By 2034 The Rate of Diabetes Could Double
Due to a population that is aging and the considerable rise in the obesity rate, researchers have concluded that the “perfect storm” for is being created.
"A perfect storm is a good way to look at it," researcher Elbert S. Huang, MD of the University of Chicago says. "If things stay the way they are right now we will have massive increases in diabetes incidence in this country over the next two decades."
Massive is right. The study which was published in the November issue of the American Diabetes Association journal Diabetes Care concludes that by 2034, there can be as many as 44 million Americans with diabetes. That is a stagger rise from the 23 million Americans that have it today.
To add insult to injury, the cost for caring and treating diabetes is projected to rise from $113 billion to $336 annually, and that is before adjusting for inflation. Because more diabetes patients will be older and sicker and will require more expensive medical care, experts fear the costs will outpace the increase in cases.
Researchers discovered that age is one of the biggest risk factors for type 2 diabetes, and the transition of baby boomers from middle to old age will drive much of the increase. As a direct result half of all direct spending in diabetes care is projected to occur in the Medicare population by the year 2034.
Currently it is estimated that 8 million Americans covered by Medicare now have diabetes and it cost $45 billion to treat them in 2009 but the number of these patients whose treatment is paid for by Medicare is projected to nearly double to 14.6 million in the next 25 years. The study states the cost of caring for them is expected to quadruple and by 2034, annual Medicare spending on diabetes care is projected to rise to $171 billion.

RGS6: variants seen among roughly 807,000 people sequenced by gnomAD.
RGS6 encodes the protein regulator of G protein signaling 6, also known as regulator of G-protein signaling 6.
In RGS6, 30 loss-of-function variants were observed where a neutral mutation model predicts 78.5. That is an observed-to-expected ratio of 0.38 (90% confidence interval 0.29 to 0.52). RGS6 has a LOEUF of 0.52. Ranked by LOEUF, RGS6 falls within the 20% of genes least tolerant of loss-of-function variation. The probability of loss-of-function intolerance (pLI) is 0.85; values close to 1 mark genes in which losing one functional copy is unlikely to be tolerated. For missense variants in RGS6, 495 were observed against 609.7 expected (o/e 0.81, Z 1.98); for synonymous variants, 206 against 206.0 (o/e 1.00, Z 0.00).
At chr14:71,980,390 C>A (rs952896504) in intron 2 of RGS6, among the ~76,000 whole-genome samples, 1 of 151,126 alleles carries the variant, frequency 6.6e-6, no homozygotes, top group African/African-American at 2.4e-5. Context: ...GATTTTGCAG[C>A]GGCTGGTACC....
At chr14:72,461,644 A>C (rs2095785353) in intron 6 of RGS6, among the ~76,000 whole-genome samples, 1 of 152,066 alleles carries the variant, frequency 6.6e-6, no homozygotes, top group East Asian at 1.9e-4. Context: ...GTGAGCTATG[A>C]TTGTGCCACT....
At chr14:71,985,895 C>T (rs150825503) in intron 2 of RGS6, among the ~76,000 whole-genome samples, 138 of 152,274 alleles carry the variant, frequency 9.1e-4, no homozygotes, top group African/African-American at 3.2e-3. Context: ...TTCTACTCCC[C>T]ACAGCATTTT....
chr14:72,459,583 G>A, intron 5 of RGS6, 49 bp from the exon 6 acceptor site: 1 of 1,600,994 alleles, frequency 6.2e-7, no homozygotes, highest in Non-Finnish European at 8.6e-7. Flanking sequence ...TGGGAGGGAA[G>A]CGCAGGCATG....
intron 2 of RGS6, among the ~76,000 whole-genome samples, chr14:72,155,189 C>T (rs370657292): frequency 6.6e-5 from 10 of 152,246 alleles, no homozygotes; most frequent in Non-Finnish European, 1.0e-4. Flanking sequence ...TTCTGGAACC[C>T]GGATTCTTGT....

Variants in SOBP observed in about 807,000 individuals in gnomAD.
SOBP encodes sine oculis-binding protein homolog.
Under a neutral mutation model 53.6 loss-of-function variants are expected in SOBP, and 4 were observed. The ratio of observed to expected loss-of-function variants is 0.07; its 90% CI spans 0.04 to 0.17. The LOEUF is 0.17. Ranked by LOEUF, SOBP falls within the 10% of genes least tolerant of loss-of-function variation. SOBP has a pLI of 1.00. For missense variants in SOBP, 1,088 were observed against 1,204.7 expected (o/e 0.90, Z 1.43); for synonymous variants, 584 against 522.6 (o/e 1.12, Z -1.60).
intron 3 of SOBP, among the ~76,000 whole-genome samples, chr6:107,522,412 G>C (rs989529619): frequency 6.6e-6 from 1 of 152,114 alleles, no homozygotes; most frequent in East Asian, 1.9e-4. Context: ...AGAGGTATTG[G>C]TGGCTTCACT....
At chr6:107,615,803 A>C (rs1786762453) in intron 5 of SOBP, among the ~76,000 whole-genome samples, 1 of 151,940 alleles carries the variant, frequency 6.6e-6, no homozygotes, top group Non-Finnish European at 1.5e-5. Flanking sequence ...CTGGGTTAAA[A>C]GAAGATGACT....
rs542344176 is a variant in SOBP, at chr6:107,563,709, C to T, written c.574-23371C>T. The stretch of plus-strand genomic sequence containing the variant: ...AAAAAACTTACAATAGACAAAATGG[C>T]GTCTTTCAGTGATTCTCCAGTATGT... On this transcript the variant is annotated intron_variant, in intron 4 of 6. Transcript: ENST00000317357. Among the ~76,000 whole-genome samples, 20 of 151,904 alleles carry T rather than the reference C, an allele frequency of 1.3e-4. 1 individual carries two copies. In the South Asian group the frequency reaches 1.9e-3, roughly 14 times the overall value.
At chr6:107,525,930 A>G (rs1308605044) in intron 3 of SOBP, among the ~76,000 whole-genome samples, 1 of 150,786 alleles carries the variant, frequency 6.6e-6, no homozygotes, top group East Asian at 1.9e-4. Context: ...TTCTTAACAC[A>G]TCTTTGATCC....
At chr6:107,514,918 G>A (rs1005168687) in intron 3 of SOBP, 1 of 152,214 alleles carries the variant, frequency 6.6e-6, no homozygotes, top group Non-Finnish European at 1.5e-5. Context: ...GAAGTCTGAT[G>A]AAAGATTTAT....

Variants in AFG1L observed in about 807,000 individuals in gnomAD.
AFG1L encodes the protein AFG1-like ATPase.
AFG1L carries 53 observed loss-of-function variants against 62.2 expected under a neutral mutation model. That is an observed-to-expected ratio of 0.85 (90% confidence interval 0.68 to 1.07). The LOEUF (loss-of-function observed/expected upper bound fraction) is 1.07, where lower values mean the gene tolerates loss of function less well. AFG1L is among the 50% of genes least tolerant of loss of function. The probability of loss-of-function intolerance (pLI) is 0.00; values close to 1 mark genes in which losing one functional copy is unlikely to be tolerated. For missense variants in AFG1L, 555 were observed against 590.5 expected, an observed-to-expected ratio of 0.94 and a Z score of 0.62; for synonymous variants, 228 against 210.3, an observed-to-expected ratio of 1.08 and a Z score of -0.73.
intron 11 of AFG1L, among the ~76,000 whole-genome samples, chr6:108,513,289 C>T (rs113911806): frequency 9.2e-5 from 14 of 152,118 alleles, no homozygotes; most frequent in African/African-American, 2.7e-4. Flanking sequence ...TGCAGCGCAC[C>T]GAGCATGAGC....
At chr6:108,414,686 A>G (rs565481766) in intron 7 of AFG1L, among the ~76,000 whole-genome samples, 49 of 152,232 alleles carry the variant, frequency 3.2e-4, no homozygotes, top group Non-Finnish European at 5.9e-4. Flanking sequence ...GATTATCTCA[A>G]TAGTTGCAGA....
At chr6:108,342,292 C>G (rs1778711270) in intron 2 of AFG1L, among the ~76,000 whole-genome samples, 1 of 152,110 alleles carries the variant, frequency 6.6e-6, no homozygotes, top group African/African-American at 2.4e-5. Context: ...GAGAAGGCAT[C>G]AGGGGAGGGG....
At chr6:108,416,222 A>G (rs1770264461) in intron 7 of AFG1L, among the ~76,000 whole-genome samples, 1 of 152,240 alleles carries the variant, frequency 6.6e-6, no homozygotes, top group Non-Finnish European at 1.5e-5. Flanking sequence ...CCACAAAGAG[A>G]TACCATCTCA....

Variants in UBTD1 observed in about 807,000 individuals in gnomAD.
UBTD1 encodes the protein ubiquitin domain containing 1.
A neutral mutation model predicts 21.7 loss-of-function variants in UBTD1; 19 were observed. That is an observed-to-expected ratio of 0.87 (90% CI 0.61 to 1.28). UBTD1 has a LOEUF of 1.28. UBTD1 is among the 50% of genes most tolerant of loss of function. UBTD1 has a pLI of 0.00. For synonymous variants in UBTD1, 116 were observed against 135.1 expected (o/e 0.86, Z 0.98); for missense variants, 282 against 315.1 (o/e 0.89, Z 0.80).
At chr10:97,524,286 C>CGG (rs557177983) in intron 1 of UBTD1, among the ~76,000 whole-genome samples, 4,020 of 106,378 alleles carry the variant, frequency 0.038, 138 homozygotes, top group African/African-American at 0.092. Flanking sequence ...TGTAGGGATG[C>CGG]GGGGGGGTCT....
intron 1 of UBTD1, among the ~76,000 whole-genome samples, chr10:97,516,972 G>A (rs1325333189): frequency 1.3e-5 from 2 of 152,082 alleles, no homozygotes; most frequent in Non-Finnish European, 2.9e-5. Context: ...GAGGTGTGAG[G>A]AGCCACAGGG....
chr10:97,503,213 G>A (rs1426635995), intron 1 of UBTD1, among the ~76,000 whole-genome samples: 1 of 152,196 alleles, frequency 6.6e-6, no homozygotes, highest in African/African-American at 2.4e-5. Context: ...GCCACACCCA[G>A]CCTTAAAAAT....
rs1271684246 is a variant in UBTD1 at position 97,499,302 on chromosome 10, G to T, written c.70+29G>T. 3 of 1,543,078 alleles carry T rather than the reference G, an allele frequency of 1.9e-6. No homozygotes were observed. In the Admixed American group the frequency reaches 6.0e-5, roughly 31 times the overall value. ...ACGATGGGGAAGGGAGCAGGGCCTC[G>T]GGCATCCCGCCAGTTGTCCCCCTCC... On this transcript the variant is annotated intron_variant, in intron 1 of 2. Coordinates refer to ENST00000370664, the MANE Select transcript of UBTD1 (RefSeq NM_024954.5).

There is nothing we can do about the aging population however, there is plenty we can do about the major risk factor and that is obesity. The CDC states that 65% of Americans are overweight, and about one-third are obese and the obesity rate among adults in the U.S. doubled between 1980 and 2004.
Many agree that a decline in obesity that can be achieved though successful public health initiatives, could change the outlook of these figures. The future projected in the newly published study does not have to become reality, experts say.
"The cost of doing nothing is clearly going to be quite high," study co-researcher Michael O'Grady, PhD, said in a news conference. "To do nothing right now is going to cost billions and billions of dollars." American Diabetes Association chief scientific and medical officer David M. Kendall, MD says that even modest lifestyle changes, such as losing a few pounds or taking walks, can significantly decrease the risk for developing diabetes.
"Even modest weight loss and as little as 30 minutes of exercise five or more days a week and inexpensive treatments can keep people healthy," he says. "That is really the big message."